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Encyclopedia > The Peasant Marey

The Peasant Marey is a short story by Fyodor Dostoevsky written in 1876. Though framed as an autobiographical recount of some of his time spent in prison (around Easter 1850), the story is truly preoccupied with a childhood memory from when Dostoevsky was nine and living in the Tula province with his father. It is generally considered a piece of Slavophilic literature. Fyodor Mikhailovich Dostoevsky (Russian: Фёдор Миха́йлович Достое́вский, Fëdor Mihajlovič Dostoevskij, sometimes transliterated Dostoyevsky ) (November 11 [O.S. October 30] 1821 – February 9 [O.S. January 28] 1881) is considered one of the greatest Russian writers, whose works have had a profound and lasting effect on twentieth-century fiction. ... 1876 (MDCCCLXXVI) was a leap year starting on Saturday. ... A Slavophile was an advocate of the supremacy of Slavic culture over that of others, especially Western European culture. ...


Synopsis

The story opens around the holiday season, with Dostoevsky wandering the prison camp. After being insulted by a Polish prisoner, Dostoevsky heads back to the bunks in an effort to check his temper. As he lies in his bed, Dostoevky vividly recalls a memory from his early childhood.


Dostoevsky recalls his time in the country as a child, specifically a cool autumn day. While playing near a birch wood, he hears the shout "Wolf! Wolf!" Panicked, Dostoevsky runs away from the birch wood, finally coming across the peasant Marey. Marey comforts the young Dostoevsky, reassuring him that there are no wolves in the area. Dostoevky is mollified by the peasant's genuine concern, and eventually returns to playing.


Dostoevsky returns from his memory in prison, comforted by the fact that even Russian peasants have such a degree of culture and understanding.

References

  • Magarshack, David, The Best Stories of Fyodor Dostoevsky (New York: The Modern Library, 2005), xi-xxvi.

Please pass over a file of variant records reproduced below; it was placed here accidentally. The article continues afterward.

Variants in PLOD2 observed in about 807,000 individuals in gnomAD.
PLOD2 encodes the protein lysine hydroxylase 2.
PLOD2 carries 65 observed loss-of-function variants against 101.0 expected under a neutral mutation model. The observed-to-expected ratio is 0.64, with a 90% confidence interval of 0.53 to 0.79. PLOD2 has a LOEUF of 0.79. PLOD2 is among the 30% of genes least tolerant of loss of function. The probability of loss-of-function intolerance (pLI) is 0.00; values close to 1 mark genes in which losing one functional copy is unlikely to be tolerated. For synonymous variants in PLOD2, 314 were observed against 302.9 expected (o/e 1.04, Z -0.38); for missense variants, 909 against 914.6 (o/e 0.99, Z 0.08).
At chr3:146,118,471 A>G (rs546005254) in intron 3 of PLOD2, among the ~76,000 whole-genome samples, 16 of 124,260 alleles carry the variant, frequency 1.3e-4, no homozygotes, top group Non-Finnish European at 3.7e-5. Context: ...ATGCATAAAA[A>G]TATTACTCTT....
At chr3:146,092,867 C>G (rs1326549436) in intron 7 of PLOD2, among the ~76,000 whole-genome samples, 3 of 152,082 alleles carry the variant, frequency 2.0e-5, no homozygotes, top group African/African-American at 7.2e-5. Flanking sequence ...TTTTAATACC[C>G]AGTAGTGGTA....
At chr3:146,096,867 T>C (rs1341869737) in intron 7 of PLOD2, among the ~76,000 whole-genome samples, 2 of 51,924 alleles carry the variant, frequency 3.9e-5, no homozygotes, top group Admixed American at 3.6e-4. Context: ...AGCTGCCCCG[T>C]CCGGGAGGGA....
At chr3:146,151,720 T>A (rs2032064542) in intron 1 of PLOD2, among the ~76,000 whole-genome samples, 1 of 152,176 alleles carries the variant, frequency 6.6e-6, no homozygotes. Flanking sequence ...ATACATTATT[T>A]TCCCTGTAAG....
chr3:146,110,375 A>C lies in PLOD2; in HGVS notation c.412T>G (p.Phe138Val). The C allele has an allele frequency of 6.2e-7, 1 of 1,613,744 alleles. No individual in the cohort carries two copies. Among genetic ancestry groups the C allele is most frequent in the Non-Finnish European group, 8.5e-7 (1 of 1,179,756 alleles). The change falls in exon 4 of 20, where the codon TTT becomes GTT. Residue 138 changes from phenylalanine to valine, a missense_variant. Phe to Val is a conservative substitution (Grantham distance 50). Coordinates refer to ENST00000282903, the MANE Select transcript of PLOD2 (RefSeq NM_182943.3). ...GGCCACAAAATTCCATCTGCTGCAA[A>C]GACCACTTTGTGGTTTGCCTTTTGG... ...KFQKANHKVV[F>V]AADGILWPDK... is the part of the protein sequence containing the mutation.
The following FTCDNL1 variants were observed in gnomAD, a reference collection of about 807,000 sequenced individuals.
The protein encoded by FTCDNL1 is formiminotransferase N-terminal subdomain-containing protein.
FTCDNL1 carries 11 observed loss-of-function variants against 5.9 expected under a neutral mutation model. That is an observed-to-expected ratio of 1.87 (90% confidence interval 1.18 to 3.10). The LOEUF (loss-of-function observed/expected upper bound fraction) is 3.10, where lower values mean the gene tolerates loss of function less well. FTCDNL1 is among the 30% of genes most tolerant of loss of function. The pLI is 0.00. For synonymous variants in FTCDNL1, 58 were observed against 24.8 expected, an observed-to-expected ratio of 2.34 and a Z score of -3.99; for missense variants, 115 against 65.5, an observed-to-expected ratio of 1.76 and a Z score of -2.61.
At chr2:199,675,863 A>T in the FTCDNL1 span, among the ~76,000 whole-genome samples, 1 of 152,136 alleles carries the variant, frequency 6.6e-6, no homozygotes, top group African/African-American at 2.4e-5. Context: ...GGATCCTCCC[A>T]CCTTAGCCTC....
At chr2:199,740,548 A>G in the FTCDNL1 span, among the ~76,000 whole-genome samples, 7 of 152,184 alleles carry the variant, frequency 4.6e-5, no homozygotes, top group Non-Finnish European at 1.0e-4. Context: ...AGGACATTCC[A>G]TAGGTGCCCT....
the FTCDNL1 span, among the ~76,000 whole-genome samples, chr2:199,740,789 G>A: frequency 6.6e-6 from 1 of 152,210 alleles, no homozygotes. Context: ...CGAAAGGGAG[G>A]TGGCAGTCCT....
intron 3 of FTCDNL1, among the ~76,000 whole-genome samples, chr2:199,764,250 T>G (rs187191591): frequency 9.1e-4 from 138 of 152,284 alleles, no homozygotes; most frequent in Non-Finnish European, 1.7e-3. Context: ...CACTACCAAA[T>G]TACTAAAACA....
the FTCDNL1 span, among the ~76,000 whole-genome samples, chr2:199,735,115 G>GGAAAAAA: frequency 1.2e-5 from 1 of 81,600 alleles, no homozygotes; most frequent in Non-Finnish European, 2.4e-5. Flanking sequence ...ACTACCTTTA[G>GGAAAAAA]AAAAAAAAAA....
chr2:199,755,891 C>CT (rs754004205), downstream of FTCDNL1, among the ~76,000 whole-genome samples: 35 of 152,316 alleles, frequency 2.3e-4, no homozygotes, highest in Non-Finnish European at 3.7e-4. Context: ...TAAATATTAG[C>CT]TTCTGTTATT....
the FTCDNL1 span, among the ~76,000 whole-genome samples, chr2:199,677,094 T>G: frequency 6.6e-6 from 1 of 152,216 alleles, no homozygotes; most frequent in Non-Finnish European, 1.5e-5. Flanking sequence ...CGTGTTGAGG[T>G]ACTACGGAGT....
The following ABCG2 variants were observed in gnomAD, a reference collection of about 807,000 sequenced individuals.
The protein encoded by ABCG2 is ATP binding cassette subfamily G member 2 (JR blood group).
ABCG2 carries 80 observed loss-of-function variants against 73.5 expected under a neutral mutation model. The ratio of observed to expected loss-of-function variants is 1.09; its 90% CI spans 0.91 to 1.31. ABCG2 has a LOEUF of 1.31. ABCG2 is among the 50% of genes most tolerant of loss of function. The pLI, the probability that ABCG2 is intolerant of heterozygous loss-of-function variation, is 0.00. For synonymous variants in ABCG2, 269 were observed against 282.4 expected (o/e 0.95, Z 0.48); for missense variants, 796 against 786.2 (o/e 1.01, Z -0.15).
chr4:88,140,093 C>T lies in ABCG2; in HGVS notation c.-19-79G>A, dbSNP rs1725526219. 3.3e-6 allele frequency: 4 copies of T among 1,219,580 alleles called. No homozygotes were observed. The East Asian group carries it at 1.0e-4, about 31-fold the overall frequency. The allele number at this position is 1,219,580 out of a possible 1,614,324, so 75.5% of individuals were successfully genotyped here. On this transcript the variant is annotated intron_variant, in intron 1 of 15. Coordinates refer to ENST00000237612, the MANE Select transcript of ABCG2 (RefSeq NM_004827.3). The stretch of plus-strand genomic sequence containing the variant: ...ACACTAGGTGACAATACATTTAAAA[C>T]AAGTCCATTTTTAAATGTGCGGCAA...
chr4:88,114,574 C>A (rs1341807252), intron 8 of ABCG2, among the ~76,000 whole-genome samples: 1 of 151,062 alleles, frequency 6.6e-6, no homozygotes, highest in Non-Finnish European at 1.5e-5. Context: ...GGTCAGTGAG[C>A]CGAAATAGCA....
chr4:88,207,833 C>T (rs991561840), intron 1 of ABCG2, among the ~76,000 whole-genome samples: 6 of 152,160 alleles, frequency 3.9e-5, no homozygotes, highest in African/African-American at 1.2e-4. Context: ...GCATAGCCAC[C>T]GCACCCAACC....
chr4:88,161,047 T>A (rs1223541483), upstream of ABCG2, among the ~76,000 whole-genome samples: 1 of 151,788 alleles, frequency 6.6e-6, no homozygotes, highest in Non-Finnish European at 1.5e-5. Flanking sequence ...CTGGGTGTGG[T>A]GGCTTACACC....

Fyodor Mikhailovich Dostoevsky (Russian: Фёдор Миха́йлович Достое́вский, Fëdor Mihajlovič Dostoevskij, sometimes transliterated Dostoyevsky ) (November 11 [O.S. October 30] 1821 – February 9 [O.S. January 28] 1881) is considered one of the greatest Russian writers, whose works have had a profound and lasting effect on twentieth-century fiction. ... Poor Folk was first novel by Fyodor Dostoevsky, which he wrote over the span of nine months. ... The Village of Stepanchikovo is a book written by Fyodor Dostoevsky and first published in 1859. ... The Insulted and Humiliated (also known as The Insulted and the Injured) is a novella by Fyodor Dostoevsky, first published in 1861, is a book about the huge contradictions present in life. ... The House of the Dead is a novel published in 1862 by Russian author Fyodor Dostoevsky. ... This article does not cite its references or sources. ... Notes from Underground (also translated in English as Notes from the Underground or Letters from the Underworld) (1864) is a short novel by Fyodor Dostoevsky. ... Crime and Punishment (Russian: Преступление и наказание) is a novel written by Russian author Fyodor Dostoevsky. ... The Gambler is a novel by Fyodor Dostoyevsky about a youngish tutor in the employment of a formerly wealthy Russian civil servant. ... Pevear and Volokhonsky translation of The Idiot The Idiot is a novel written by the Russian writer Fyodor Dostoevsky in 1869. ... Pevear and Volokhonsky translation of Demons The Devils, also translated as Demons or The Possessed, is a 1872 novel by Fyodor Dostoevsky. ... The Raw Youth or The Adolescent (Russian: Подросток), is a novel of Russian writer Fyodor Dostoevsky. ... Pevear & Volokhonsky Translation of The Brothers Karamazov. ... White Nights is a short story written by Fyodor Dostoevsky, originally published in 1848. ... A Christmas Tree and a Wedding is a short story by Dostoevsky. ... An Honest Thief is an 1848 short story by Dostoevsky. ... Synopsis Spoiler warning: The Dream of a Ridiculous Man is a short story by Fyodor Dostoevsky written in 1877. ... A Gentle Creature, sometimes also translated as The Meek One, is a short story written by Fyodor Dostoevsky in 1876. ... The Grand Inquisitor is a parable told by Ivan to Alyosha in Fyodor Dostoevskys philosophical novel, The Brothers Karamazov (1879-1880). ... Rodion Romanovich Raskolnikov (Russian: Родион Романович Раскольников) is the protagonist of Crime and Punishment by Dostoevsky. ...

 
 

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